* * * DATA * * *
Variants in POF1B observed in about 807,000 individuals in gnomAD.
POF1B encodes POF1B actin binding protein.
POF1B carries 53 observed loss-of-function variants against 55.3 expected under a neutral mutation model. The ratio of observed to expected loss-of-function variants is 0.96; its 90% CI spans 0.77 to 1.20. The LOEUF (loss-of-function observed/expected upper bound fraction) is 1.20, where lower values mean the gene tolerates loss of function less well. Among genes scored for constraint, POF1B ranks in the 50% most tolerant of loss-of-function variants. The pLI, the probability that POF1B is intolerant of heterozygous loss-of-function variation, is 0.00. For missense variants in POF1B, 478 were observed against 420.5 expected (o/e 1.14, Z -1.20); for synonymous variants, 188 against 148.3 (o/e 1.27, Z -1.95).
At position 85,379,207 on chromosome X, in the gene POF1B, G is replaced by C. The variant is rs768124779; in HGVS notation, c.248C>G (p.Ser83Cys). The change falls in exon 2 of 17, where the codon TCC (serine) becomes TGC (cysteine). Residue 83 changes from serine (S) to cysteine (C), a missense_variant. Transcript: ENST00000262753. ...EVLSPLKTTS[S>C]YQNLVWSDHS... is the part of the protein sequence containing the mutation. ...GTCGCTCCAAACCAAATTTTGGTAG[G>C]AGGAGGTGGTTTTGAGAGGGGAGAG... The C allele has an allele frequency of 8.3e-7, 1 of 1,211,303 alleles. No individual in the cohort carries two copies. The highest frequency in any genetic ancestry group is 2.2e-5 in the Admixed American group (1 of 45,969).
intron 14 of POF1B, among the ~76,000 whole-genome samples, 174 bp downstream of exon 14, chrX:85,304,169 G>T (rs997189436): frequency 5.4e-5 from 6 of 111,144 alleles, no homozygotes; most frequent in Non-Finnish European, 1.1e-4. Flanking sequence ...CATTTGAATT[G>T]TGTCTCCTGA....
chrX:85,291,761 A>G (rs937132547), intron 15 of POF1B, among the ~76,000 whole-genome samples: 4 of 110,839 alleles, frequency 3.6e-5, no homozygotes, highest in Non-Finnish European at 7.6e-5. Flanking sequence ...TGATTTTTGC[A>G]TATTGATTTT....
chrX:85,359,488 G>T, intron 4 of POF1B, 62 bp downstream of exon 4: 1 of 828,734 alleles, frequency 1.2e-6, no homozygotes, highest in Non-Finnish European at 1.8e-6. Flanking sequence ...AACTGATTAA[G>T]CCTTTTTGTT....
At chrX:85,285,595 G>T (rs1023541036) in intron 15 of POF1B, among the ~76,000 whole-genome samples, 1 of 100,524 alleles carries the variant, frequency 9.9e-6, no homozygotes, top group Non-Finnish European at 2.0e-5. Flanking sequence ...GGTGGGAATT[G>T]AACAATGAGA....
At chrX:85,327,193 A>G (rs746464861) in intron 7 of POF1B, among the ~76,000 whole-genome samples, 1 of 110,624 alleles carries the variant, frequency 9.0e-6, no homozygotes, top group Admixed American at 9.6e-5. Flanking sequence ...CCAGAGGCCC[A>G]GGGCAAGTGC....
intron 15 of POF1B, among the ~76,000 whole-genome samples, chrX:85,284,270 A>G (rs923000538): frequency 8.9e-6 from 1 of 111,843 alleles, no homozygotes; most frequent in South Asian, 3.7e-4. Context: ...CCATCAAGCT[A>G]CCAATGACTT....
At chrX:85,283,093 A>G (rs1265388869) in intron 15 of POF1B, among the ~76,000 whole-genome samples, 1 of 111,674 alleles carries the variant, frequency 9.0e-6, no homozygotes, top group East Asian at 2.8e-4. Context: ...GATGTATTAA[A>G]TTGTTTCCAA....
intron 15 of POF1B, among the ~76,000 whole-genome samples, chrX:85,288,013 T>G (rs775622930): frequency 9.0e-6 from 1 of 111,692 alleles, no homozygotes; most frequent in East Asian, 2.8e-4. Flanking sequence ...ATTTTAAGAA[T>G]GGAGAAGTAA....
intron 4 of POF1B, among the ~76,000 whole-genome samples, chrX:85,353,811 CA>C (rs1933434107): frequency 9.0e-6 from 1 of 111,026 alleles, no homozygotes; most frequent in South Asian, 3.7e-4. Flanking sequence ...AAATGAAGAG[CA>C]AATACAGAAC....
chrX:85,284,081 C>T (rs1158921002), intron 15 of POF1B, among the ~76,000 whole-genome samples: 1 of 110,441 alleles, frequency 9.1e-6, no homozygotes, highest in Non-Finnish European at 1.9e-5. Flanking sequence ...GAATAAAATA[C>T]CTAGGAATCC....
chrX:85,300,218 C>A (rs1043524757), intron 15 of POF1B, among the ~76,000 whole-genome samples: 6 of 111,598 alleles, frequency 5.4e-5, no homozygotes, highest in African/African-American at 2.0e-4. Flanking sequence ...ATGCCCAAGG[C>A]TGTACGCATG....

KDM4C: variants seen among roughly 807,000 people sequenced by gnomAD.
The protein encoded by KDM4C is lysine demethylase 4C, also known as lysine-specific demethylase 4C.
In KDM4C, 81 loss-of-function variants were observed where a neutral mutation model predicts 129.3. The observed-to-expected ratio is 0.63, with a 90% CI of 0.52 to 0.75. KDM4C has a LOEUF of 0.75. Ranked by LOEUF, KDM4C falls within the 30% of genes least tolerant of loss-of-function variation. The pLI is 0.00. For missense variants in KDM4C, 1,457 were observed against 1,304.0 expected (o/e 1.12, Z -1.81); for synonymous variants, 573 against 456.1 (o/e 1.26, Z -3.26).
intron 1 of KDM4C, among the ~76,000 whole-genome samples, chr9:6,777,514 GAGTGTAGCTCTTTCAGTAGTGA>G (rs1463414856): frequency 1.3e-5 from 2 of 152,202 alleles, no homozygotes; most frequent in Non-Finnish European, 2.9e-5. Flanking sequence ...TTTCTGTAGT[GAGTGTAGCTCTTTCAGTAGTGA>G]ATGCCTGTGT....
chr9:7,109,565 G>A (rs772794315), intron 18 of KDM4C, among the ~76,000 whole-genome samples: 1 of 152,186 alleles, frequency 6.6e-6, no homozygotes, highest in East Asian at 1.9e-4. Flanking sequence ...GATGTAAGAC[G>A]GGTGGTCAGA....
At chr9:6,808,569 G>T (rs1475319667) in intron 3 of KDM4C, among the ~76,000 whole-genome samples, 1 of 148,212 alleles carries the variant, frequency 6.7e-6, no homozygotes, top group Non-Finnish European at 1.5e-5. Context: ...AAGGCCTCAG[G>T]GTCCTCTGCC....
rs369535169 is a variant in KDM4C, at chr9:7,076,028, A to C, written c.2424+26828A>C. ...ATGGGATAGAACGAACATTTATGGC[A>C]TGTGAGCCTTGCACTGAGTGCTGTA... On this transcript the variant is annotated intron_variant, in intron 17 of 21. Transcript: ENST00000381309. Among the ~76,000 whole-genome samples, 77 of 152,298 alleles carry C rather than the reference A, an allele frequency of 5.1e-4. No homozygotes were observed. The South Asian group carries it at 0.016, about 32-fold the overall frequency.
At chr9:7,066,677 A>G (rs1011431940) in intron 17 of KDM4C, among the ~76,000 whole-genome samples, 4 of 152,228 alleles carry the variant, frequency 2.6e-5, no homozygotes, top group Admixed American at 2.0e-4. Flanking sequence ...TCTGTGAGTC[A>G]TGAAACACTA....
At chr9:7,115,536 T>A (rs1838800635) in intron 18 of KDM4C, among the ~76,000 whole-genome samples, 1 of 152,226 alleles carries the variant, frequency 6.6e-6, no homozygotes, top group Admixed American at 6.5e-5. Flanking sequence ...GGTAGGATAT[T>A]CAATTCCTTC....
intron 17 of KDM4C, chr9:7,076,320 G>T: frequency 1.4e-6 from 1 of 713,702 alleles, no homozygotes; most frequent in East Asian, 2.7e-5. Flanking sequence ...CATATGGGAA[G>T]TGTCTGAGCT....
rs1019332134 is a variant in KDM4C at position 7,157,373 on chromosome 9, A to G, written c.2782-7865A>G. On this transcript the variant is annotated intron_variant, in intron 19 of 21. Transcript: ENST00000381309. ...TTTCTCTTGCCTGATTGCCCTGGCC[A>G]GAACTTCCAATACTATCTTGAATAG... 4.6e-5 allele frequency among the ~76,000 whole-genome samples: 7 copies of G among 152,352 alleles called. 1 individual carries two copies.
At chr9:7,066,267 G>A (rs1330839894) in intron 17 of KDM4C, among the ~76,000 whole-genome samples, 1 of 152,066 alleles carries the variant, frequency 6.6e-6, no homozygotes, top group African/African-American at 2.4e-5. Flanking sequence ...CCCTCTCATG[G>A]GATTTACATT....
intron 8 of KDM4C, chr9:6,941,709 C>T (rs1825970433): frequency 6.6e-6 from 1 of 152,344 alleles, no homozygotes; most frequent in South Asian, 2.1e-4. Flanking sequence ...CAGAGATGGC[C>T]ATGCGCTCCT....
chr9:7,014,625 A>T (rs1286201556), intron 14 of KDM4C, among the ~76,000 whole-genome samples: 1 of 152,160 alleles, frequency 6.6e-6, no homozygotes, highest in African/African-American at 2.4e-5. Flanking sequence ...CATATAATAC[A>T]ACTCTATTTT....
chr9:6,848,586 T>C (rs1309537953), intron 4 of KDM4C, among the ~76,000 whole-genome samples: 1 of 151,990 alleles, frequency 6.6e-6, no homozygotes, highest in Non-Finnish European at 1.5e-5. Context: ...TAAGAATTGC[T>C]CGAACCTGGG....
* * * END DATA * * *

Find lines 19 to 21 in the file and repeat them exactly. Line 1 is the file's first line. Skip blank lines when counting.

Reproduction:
intron 1 of KDM4C, among the ~76,000 whole-genome samples, chr9:6,777,514 GAGTGTAGCTCTTTCAGTAGTGA>G (rs1463414856): frequency 1.3e-5 from 2 of 152,202 alleles, no homozygotes; most frequent in Non-Finnish European, 2.9e-5. Flanking sequence ...TTTCTGTAGT[GAGTGTAGCTCTTTCAGTAGTGA>G]ATGCCTGTGT....
chr9:7,109,565 G>A (rs772794315), intron 18 of KDM4C, among the ~76,000 whole-genome samples: 1 of 152,186 alleles, frequency 6.6e-6, no homozygotes, highest in East Asian at 1.9e-4. Flanking sequence ...GATGTAAGAC[G>A]GGTGGTCAGA....
At chr9:6,808,569 G>T (rs1475319667) in intron 3 of KDM4C, among the ~76,000 whole-genome samples, 1 of 148,212 alleles carries the variant, frequency 6.7e-6, no homozygotes, top group Non-Finnish European at 1.5e-5. Context: ...AAGGCCTCAG[G>T]GTCCTCTGCC....